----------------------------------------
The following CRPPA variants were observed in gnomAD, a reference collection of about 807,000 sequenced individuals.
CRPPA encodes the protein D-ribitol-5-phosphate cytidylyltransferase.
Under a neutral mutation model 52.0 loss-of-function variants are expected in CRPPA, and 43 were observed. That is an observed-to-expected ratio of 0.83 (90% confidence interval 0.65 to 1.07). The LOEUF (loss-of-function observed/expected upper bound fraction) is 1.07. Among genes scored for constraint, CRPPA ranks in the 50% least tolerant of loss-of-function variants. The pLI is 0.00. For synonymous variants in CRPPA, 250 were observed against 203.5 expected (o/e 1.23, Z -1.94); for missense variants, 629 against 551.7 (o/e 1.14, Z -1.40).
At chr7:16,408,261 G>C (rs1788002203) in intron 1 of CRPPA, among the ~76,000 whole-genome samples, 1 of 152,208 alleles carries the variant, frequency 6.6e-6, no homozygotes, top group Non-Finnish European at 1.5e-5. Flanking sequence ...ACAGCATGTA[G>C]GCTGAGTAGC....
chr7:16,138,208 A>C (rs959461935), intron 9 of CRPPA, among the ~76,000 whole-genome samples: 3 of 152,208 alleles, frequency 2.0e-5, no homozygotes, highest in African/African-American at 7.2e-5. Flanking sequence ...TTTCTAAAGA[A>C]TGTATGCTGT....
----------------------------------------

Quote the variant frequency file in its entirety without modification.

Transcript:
The following CRPPA variants were observed in gnomAD, a reference collection of about 807,000 sequenced individuals.
CRPPA encodes the protein D-ribitol-5-phosphate cytidylyltransferase.
Under a neutral mutation model 52.0 loss-of-function variants are expected in CRPPA, and 43 were observed. That is an observed-to-expected ratio of 0.83 (90% confidence interval 0.65 to 1.07). The LOEUF (loss-of-function observed/expected upper bound fraction) is 1.07. Among genes scored for constraint, CRPPA ranks in the 50% least tolerant of loss-of-function variants. The pLI is 0.00. For synonymous variants in CRPPA, 250 were observed against 203.5 expected (o/e 1.23, Z -1.94); for missense variants, 629 against 551.7 (o/e 1.14, Z -1.40).
At chr7:16,408,261 G>C (rs1788002203) in intron 1 of CRPPA, among the ~76,000 whole-genome samples, 1 of 152,208 alleles carries the variant, frequency 6.6e-6, no homozygotes, top group Non-Finnish European at 1.5e-5. Flanking sequence ...ACAGCATGTA[G>C]GCTGAGTAGC....
chr7:16,138,208 A>C (rs959461935), intron 9 of CRPPA, among the ~76,000 whole-genome samples: 3 of 152,208 alleles, frequency 2.0e-5, no homozygotes, highest in African/African-American at 7.2e-5. Flanking sequence ...TTTCTAAAGA[A>C]TGTATGCTGT....